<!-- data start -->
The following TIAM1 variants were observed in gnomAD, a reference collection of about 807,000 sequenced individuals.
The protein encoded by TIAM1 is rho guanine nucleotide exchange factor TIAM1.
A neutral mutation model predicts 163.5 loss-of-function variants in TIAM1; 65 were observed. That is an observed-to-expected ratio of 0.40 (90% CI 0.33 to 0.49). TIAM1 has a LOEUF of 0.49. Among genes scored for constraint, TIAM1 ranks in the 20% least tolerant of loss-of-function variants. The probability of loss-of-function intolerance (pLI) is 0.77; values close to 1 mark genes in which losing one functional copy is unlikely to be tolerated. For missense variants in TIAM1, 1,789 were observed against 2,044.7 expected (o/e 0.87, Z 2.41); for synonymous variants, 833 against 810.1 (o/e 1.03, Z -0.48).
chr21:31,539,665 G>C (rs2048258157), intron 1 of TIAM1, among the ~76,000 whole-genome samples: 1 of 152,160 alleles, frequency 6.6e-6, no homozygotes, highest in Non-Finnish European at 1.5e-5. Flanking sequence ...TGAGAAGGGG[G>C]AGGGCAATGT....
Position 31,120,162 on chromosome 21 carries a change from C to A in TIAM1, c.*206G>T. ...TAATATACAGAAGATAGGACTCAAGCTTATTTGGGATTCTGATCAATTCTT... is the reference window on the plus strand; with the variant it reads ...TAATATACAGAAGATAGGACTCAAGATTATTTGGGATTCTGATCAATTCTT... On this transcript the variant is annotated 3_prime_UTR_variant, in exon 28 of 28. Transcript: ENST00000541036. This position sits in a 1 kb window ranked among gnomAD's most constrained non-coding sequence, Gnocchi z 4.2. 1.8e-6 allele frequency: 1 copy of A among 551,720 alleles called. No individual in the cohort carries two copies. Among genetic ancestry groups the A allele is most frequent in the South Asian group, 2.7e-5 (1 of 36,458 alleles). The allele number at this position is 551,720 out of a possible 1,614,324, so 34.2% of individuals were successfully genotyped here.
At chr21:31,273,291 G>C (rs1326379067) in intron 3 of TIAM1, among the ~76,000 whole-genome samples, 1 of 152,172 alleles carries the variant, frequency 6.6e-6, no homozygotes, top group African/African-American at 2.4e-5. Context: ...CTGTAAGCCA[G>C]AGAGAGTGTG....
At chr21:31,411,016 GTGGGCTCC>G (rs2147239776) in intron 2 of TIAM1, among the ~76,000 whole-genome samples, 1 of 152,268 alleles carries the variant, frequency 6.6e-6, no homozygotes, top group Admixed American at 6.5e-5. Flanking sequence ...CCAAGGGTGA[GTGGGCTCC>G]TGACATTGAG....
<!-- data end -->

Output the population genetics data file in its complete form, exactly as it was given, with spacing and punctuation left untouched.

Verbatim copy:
The following TIAM1 variants were observed in gnomAD, a reference collection of about 807,000 sequenced individuals.
The protein encoded by TIAM1 is rho guanine nucleotide exchange factor TIAM1.
A neutral mutation model predicts 163.5 loss-of-function variants in TIAM1; 65 were observed. That is an observed-to-expected ratio of 0.40 (90% CI 0.33 to 0.49). TIAM1 has a LOEUF of 0.49. Among genes scored for constraint, TIAM1 ranks in the 20% least tolerant of loss-of-function variants. The probability of loss-of-function intolerance (pLI) is 0.77; values close to 1 mark genes in which losing one functional copy is unlikely to be tolerated. For missense variants in TIAM1, 1,789 were observed against 2,044.7 expected (o/e 0.87, Z 2.41); for synonymous variants, 833 against 810.1 (o/e 1.03, Z -0.48).
chr21:31,539,665 G>C (rs2048258157), intron 1 of TIAM1, among the ~76,000 whole-genome samples: 1 of 152,160 alleles, frequency 6.6e-6, no homozygotes, highest in Non-Finnish European at 1.5e-5. Flanking sequence ...TGAGAAGGGG[G>C]AGGGCAATGT....
Position 31,120,162 on chromosome 21 carries a change from C to A in TIAM1, c.*206G>T. ...TAATATACAGAAGATAGGACTCAAGCTTATTTGGGATTCTGATCAATTCTT... is the reference window on the plus strand; with the variant it reads ...TAATATACAGAAGATAGGACTCAAGATTATTTGGGATTCTGATCAATTCTT... On this transcript the variant is annotated 3_prime_UTR_variant, in exon 28 of 28. Transcript: ENST00000541036. This position sits in a 1 kb window ranked among gnomAD's most constrained non-coding sequence, Gnocchi z 4.2. 1.8e-6 allele frequency: 1 copy of A among 551,720 alleles called. No individual in the cohort carries two copies. Among genetic ancestry groups the A allele is most frequent in the South Asian group, 2.7e-5 (1 of 36,458 alleles). The allele number at this position is 551,720 out of a possible 1,614,324, so 34.2% of individuals were successfully genotyped here.
At chr21:31,273,291 G>C (rs1326379067) in intron 3 of TIAM1, among the ~76,000 whole-genome samples, 1 of 152,172 alleles carries the variant, frequency 6.6e-6, no homozygotes, top group African/African-American at 2.4e-5. Context: ...CTGTAAGCCA[G>C]AGAGAGTGTG....
At chr21:31,411,016 GTGGGCTCC>G (rs2147239776) in intron 2 of TIAM1, among the ~76,000 whole-genome samples, 1 of 152,268 alleles carries the variant, frequency 6.6e-6, no homozygotes, top group Admixed American at 6.5e-5. Flanking sequence ...CCAAGGGTGA[GTGGGCTCC>G]TGACATTGAG....